Despite becoming a full-time parent and taking part-time jobs, Hamman read often and never let her medical license lapse. Starting in 2017, she gave radiology presentations, got certified as an EMT and attended a pediatric radiology conference to look for ways back in.
After almost a year, Hamman put in a call to her former private practice colleagues who then worked at Phoenix Children's Hospital. She began her second pediatric fellowship training in Arizona six months later.
"I really did have to relearn everything, but I had a good foundational training, so I found it actually came back very quickly," she says. "However, there were a lot of advances and changes in practice in those 14 years."
The fact that it's so difficult to integrate being a parent and practicing medicine is, I think, not unique to me at all.Susan Hamman, MD
After completing her mini-fellowship, Hamman passed her board exams and was fully certified as a pediatric radiologist – again. She joined Michigan Medicine August 2019 and was promoted to clinical assistant professor of radiology in March 2021.
"I feel like a brand new doctor," Hamman says. "I feel more a part of not only my practice, but the direction of the department. I'm able to participate in research and education."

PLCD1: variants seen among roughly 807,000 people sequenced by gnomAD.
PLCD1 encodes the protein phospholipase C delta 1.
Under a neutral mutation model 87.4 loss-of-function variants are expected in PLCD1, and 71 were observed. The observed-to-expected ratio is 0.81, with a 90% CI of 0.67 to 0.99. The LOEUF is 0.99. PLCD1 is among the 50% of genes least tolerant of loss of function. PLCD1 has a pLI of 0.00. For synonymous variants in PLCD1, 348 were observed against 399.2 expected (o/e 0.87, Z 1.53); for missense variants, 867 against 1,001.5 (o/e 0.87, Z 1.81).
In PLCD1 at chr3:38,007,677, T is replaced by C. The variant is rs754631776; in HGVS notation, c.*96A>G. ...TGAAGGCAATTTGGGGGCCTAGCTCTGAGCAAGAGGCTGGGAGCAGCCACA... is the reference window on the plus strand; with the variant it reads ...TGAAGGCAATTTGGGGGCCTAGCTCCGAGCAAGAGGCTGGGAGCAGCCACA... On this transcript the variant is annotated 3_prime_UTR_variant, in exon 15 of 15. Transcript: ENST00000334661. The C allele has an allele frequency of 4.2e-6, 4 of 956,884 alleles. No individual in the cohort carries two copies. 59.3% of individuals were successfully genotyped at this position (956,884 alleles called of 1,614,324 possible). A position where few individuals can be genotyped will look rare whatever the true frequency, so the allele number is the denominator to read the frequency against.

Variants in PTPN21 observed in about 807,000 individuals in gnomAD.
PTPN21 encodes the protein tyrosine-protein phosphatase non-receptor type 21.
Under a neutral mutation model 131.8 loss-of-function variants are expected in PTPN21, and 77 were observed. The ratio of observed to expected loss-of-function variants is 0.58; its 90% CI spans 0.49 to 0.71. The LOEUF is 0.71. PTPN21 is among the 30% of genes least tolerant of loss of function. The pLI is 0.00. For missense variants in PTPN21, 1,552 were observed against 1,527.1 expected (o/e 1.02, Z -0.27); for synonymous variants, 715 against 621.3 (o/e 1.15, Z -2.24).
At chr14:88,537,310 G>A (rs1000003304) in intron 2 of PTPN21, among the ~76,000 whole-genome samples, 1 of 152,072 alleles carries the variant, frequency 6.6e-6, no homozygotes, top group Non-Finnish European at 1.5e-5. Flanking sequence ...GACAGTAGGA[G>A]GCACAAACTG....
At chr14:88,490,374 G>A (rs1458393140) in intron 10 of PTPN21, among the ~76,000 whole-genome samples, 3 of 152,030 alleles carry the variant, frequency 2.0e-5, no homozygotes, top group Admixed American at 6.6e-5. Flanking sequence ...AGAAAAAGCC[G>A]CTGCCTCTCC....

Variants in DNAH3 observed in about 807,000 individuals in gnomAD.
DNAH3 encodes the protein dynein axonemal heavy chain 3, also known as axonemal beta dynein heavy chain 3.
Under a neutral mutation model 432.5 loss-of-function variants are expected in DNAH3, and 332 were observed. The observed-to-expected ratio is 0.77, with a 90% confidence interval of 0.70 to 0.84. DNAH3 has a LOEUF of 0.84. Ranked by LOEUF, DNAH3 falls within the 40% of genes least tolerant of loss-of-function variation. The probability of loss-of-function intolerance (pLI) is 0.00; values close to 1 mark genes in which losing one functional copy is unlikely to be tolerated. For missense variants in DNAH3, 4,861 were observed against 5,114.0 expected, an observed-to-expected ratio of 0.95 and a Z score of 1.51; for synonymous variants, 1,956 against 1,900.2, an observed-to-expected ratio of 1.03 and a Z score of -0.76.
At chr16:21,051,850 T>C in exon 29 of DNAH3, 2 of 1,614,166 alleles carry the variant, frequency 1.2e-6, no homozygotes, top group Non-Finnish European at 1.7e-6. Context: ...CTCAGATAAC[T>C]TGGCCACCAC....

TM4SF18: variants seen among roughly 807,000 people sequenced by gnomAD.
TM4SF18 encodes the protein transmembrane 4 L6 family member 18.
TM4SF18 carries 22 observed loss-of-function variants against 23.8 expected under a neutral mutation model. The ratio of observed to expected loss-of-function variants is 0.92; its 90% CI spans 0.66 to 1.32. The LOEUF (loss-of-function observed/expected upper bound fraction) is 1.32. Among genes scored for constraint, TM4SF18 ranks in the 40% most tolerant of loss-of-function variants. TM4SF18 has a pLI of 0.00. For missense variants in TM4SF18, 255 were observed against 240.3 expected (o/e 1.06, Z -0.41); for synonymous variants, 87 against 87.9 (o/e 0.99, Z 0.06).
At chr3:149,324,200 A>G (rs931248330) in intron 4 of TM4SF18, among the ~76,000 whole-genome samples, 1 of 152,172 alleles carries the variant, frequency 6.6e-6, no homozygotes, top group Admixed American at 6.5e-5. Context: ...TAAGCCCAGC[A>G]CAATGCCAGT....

Hamman took on the challenge of returning like a champion, says Vikas Gulani, M.D., Ph.D., chair of the Department of Radiology at Michigan Medicine.
"During the 14-year hiatus, she has accumulated vast and diverse experiences in life," Gulani says. "She has an admirable, optimistic outlook and not once have I heard her complain. Michigan Radiology is very fortunate to have her as a member of our faculty."
In this second stint, Hamman's kids are older – out of the "liquid management" and carpool phases, relying less on mom for managing daily activities. While it's easier for her focus on the job, she notes, it shines a bigger spotlight on a systemic issue.
"For me and many physicians, a lot of our personal identity is tied up in our professional identity," Hamman explains. "The fact that it's so difficult to integrate being a parent and practicing medicine is, I think, not unique to me at all."